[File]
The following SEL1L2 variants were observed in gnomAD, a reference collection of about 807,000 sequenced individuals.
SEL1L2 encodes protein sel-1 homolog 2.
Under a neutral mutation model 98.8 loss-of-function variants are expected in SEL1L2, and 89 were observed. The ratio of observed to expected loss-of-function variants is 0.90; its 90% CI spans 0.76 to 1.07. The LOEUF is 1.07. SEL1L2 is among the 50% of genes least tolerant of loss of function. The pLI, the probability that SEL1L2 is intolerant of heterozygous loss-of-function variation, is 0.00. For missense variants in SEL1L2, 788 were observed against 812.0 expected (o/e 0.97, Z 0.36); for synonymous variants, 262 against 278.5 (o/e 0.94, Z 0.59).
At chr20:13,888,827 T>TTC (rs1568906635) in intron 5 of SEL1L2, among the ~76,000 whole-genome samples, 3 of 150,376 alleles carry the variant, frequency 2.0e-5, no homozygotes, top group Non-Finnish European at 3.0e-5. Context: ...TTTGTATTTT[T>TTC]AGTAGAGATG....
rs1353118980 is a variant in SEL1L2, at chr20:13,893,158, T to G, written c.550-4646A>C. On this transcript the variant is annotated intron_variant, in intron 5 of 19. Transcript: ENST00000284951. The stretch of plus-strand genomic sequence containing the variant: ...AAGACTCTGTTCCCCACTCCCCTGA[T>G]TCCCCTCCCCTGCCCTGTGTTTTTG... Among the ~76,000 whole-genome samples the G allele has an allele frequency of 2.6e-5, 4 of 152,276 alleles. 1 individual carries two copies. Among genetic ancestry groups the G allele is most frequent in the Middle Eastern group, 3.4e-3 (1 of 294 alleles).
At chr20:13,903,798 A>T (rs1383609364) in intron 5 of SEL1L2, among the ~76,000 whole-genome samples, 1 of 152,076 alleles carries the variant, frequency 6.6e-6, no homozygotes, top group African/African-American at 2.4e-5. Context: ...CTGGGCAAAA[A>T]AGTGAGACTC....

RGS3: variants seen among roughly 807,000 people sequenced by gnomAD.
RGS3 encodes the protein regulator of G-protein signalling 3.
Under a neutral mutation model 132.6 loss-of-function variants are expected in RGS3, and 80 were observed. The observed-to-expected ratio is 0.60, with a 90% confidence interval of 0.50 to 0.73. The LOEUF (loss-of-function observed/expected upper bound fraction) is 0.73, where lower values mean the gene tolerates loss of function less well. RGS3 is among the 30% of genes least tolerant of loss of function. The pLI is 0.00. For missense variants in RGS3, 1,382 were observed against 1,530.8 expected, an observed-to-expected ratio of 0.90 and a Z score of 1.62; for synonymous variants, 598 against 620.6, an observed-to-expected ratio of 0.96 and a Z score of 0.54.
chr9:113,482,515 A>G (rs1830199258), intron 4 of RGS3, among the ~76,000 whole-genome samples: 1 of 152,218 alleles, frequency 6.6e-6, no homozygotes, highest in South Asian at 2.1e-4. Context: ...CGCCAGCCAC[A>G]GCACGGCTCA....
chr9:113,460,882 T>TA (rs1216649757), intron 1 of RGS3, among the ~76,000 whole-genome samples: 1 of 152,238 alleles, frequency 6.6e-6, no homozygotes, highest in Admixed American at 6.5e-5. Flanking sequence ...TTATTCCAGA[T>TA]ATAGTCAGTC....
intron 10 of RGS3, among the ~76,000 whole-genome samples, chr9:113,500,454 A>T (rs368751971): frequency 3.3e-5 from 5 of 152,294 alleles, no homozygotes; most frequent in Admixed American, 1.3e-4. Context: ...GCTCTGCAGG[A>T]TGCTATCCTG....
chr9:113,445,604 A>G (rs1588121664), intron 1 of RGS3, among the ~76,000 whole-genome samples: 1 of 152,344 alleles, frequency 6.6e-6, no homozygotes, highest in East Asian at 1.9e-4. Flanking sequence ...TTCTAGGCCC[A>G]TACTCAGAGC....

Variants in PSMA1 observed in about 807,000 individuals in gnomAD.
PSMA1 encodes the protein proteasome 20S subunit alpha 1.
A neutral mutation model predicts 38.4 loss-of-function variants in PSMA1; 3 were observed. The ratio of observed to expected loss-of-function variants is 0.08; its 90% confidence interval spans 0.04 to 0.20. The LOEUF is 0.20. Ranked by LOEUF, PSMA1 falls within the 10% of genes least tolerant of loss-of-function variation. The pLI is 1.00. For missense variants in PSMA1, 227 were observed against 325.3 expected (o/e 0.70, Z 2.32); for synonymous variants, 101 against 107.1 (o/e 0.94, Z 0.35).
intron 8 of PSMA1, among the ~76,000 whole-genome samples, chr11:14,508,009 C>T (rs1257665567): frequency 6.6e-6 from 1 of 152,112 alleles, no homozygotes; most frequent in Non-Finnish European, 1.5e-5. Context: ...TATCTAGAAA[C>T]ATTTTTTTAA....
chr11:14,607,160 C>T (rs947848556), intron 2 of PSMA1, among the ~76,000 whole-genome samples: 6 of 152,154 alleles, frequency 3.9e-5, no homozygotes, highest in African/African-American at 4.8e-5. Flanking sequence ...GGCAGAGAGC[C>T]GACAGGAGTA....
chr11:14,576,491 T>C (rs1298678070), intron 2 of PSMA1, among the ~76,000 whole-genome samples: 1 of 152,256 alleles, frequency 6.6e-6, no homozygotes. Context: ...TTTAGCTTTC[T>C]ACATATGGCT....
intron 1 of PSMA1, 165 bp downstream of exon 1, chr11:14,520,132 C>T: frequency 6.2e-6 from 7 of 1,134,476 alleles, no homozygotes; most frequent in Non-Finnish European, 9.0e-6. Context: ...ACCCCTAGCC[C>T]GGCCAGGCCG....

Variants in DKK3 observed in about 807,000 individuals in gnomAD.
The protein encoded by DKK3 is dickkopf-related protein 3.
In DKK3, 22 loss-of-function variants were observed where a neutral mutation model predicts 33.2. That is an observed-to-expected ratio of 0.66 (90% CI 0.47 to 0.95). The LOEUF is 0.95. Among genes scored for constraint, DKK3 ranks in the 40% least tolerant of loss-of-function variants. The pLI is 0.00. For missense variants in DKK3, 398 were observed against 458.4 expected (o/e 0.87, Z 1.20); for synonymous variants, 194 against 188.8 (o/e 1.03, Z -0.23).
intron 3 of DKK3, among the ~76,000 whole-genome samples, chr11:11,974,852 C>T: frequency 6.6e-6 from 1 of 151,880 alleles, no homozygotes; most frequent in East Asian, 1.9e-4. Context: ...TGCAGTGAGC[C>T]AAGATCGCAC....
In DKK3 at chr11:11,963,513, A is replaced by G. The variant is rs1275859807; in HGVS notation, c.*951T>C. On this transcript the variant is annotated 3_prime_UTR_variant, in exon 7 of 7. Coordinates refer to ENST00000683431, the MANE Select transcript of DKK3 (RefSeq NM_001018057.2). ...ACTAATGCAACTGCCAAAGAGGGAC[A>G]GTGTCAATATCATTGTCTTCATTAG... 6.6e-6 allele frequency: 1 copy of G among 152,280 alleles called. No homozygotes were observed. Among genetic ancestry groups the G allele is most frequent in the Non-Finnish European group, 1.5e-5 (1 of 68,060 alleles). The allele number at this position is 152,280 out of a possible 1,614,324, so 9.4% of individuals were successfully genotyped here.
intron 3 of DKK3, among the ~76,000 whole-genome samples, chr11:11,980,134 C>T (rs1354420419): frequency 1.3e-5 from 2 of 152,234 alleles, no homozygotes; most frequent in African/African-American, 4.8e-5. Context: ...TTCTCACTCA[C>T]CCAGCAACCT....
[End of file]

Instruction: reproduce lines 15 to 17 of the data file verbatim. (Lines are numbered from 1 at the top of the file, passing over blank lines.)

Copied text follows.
PSMA1 encodes the protein proteasome 20S subunit alpha 1.
A neutral mutation model predicts 38.4 loss-of-function variants in PSMA1; 3 were observed. The ratio of observed to expected loss-of-function variants is 0.08; its 90% confidence interval spans 0.04 to 0.20. The LOEUF is 0.20. Ranked by LOEUF, PSMA1 falls within the 10% of genes least tolerant of loss-of-function variation. The pLI is 1.00. For missense variants in PSMA1, 227 were observed against 325.3 expected (o/e 0.70, Z 2.32); for synonymous variants, 101 against 107.1 (o/e 0.94, Z 0.35).
intron 8 of PSMA1, among the ~76,000 whole-genome samples, chr11:14,508,009 C>T (rs1257665567): frequency 6.6e-6 from 1 of 152,112 alleles, no homozygotes; most frequent in Non-Finnish European, 1.5e-5. Context: ...TATCTAGAAA[C>T]ATTTTTTTAA....